Hohokum tells the tale of a multicoloured serpent setting out to find his friends. After a brief gathering with them in your home (hub) world, they all disappear and it is up to you to explore the various interconnected worlds to find them. Basically it’s a wonderfully colourful game of hide and go seek with your serpentine friends across a multitude of fascinating and intriguing 2-D planes.
There isn’t much of a story set up or premise to compel the player to find their friends, the compulsion, however, comes from the adventurous nature of the gamer as they explore and immerse themselves in the artistically constructed world.
I was instantly mesmerised by this games artistic brilliance. It is such a simple design and concept but it is pulled off perfectly. The vibrant colours pop out at you from all spectres of the rainbow. The various worlds are bursting at the seems with their own unique charm and individuality. Underwater themed worlds where you interact with the fish is just one of my favourites along with others such as a brief space adventure as you explore the stars.
But that music – Wow, that music! I think it was the introductory stage of the game where you are left at your own whim to figure the game out; which is fine, it just emphasizes the point of its exploratory nature and that you actually have to think for yourself!. A bass line starts strumming, inflicting emotion like it was plucking the strings to my soul and right there was when the game got me, sunk its claws in and didn’t let go. That soundtrack is a definite side purchase.
As a genre this game is described as an art game. Like all art it is received and interpreted by the individual, some may like it, some wont; both perfectly acceptable opinions but I absolutely loved this game. It feels humble, emotive and courageous all wrapped up in a wonderful cross buy opportunity; but that is just my take on things.
Hohokum is exceptionally simple. You can steer your serpent like creature with one of the analogue sticks or the shoulder buttons depending on your preference, zoom in and out with the other stick, and control your speed and agility by pressing X for faster less controlled movement or O for the polar opposite, slow and precise. The controls make Hohokum extremely accessible for any gamer of any age or experience level.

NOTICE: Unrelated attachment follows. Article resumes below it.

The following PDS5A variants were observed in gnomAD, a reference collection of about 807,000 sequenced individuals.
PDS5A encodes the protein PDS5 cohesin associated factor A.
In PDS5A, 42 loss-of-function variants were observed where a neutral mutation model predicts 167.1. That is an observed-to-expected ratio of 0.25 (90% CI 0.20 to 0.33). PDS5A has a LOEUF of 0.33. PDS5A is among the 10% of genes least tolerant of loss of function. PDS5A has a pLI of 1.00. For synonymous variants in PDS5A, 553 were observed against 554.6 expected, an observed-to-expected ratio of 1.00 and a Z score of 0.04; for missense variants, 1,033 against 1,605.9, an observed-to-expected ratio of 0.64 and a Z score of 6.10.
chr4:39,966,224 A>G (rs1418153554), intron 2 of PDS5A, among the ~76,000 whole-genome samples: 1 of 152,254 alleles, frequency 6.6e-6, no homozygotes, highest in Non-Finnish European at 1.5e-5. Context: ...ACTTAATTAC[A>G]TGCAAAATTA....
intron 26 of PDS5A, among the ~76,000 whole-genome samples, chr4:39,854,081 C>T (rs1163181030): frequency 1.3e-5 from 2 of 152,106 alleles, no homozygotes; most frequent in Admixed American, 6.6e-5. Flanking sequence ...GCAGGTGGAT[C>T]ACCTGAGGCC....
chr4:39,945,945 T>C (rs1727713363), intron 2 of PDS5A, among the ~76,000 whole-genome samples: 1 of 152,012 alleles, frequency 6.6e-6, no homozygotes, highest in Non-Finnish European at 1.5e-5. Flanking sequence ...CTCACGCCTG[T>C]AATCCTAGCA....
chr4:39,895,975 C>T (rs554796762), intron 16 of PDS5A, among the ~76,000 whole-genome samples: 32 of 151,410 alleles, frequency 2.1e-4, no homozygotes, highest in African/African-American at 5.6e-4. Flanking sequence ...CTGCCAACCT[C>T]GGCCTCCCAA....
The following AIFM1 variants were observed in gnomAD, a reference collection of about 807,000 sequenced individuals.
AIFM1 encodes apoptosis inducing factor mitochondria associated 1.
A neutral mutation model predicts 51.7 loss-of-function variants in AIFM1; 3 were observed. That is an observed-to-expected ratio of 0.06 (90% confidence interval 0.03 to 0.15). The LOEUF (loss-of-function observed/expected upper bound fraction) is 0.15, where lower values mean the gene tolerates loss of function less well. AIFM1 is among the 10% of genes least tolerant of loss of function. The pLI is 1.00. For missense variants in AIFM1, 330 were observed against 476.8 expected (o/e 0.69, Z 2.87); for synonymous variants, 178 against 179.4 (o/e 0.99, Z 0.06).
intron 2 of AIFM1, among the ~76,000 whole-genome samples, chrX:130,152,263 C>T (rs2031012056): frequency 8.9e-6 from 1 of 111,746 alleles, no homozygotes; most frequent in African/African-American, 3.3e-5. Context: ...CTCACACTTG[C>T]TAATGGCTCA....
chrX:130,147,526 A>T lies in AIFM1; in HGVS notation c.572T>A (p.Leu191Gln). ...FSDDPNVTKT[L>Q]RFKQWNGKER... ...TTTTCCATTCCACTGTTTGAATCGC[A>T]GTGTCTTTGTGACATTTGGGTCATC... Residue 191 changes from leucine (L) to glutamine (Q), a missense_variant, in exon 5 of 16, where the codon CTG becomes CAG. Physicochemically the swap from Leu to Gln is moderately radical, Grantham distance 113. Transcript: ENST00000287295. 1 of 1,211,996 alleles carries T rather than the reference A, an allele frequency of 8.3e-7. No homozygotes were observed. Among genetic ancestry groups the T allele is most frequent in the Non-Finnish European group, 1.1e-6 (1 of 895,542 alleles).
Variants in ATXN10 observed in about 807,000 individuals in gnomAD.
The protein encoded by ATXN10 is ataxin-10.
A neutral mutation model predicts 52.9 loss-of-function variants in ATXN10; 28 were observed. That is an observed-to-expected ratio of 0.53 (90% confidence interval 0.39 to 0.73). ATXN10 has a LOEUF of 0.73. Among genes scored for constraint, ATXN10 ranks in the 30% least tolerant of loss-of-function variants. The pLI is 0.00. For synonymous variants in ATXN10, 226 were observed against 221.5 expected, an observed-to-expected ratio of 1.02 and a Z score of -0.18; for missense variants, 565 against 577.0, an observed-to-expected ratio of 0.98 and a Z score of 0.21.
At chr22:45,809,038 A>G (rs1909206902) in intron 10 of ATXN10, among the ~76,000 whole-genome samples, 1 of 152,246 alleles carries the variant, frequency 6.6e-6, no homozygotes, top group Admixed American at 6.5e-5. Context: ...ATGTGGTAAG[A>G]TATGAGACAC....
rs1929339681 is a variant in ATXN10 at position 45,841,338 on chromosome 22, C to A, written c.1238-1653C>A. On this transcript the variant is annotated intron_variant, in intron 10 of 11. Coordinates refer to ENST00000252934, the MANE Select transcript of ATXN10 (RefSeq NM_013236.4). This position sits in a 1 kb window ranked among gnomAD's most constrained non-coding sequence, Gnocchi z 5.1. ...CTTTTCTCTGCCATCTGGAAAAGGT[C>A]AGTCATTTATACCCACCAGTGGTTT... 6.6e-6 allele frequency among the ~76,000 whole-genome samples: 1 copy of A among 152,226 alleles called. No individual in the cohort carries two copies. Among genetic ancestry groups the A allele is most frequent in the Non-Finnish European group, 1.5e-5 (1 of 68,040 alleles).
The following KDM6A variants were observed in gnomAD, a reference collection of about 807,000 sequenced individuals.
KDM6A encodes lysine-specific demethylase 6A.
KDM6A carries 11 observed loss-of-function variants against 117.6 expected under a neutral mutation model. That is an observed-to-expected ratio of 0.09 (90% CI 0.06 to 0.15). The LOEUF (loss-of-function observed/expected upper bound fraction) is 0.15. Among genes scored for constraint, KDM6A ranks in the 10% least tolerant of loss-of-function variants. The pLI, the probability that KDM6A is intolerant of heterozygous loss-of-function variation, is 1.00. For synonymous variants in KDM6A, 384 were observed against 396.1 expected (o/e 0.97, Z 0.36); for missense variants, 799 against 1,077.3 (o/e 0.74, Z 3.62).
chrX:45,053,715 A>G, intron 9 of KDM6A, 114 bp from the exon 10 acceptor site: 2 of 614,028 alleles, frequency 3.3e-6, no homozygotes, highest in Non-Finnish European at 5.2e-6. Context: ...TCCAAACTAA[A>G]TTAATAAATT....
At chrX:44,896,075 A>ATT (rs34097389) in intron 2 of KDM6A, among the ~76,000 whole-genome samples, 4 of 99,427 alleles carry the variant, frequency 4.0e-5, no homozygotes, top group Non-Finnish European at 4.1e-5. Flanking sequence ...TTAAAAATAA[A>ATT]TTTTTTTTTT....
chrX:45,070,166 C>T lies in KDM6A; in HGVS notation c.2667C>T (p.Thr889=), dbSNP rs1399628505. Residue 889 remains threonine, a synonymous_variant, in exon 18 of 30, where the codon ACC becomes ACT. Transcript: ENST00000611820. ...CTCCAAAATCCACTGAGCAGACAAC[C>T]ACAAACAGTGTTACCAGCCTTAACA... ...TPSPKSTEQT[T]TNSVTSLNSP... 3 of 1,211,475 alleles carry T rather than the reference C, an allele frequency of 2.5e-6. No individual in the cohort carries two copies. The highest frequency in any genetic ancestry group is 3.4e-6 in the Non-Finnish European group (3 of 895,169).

This game solely focuses on its exploration features. The entire world is opened up to you from the start, it is simply just a matter of finding your way to free your friends. Each friend is unique boasting a different face and colour – slightly reminiscent of “Thomas was Alone” at least to me anyway. Only this time, however, there isn’t character unique or specific traits that really aid in your gameplay.
The puzzles involved in finding your friends are not very challenging, in fact you can complete this game in under an hour if you really wanted (there is even a trophy for it). The true fun comes from immersing yourself and taking the time to appreciate the experience. Some of the best moments i had were shared with my partner as I tried to write words on the screen with my character and she had to guess them. The Dualshock 4’s light bar changes colour with your serpent creature as it enters different ‘worlds’ or grows longer, which was a nice treat but one that I only noticed when it was my partners turn to play.
As I said before this is an art game, a differing experience for each individual some may appreciate it and others wont. The story isn’t fleshed out but that is part of the fun of Hohokum, and the whole point of creating your own experience. Throughout my time with this game I kept getting the feeling that this game would be perfect for a form of co op – whether it be couch based or online, something or someone to share the experience with.
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